The Nicole and Harry Martin Spring Show at the Erie Art Museum marks the 100th version of the yearly exhibition featuring regional artists. Gaetane Verna was the juror for this year's show.
This year's Spring Show reflects these philosophies of inclusivity and viewer engagement. When selecting artworks for the Spring Show, Verna described her process as intuitive, choosing works that resonated with her and left space for dialogue between artists and viewers. She wanted to assemble a selection of work exhibiting an array of artistic approaches. Thus, she chose to include art that she felt displayed a thoughtful balance between material and content.
Verna's early career began in a one room gallery at Bishop's University in Québec. "When you work in a smaller organization, you get to do so much more," Verna said. That's where a toolbox of knowledge is built. "I remember in my first position, I used to take out the vinyl text and install it. I mean, don't ask me to do it now because I would probably cry, but at least I know I can do it because I did it so many times."
While Verna's current directorial role allows her to focus on organization, planning, and fundraising, her early career experiences contribute to her appreciation for the work technicians put into exhibitions. She also recognizes that the labor involved in turning curatorial visions into reality in the gallery space is often undervalued. "I will never belittle those tasks, because I know that they're important to the well-being of the exhibition," Verna said.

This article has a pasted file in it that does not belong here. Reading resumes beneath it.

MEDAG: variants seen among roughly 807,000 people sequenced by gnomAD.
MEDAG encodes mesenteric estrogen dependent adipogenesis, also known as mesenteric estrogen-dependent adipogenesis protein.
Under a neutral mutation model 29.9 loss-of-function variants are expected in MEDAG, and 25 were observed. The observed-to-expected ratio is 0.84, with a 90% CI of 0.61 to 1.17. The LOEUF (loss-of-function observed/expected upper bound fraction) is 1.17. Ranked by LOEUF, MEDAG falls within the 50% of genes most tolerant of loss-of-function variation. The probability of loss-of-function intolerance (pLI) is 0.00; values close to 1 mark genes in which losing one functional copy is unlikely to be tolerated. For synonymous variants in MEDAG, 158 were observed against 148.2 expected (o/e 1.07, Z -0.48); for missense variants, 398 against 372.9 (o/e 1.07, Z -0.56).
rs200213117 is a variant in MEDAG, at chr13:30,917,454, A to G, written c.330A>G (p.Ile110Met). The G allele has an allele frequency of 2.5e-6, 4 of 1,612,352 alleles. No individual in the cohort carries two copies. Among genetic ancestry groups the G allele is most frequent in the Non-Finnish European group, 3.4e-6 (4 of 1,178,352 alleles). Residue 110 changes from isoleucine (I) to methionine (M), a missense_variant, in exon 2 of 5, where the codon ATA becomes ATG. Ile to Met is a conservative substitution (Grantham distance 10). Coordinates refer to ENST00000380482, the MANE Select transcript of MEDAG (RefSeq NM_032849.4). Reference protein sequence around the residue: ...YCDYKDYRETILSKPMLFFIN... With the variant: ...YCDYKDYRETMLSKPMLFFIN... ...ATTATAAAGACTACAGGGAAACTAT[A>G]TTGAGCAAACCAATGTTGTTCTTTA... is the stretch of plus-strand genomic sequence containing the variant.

Following her start at Bishop's University in 1999, Verna worked for the Musée d'art de Joliette (2006-2012) and the Toronto Power Plant (2012-2022), before starting at the Wexner Center (2022-present). This year, she was selected by artist Kapwani Kiwanga to curate the Canadian Pavilion at the 2024 La Biennale di Venezia, the largest and oldest international art exhibition.
"I'm very honored and I want to do everything for that to be the best experience for [Kiwanga]," Verna said. "I'm going to be really busy preparing for that, which I think is going to be the experience of a lifetime, because, to be chosen by an artist, and then to represent your country at the Venice Biennale — I take it very seriously."
In addition to curating the Canadian pavilion in Venice, Verna will travel to Pennsylvania to give a lecture about her career experiences, "Curating: Essential Work — The Essence of Work." About this topic, Verna commented, "I hope, through my talk, to inspire you to understand that wherever you are you can make an impact" and to "do great work even if you think no one is looking."
Gaëtane Verna will deliver a talk "Curating: Essential Work – The Essence of Work" at 6 p.m., Wednesday, Apr. 12 at PennWest Edinboro's Alexander Recital Hall. This free, public event will be available online by scanning the QR code (or via Zoom ID: 953 7851 1000).
Co-authors Heather Amancio and Erin Magnus are students at Allegheny College; Violet Vance is a senior at PennWest Edinboro. VASE 2023 committee members are: Bruce Gallery director Lisa Austin, art education professor Dr. Mary Elizabeth Meier, and graphic and interactive design professor Derek Witucki.
Verna's VASE talk will be streamed via the webinar link shared at: BruceGallery.info. For more information, contact Lisa Austin at firstname.lastname@example.org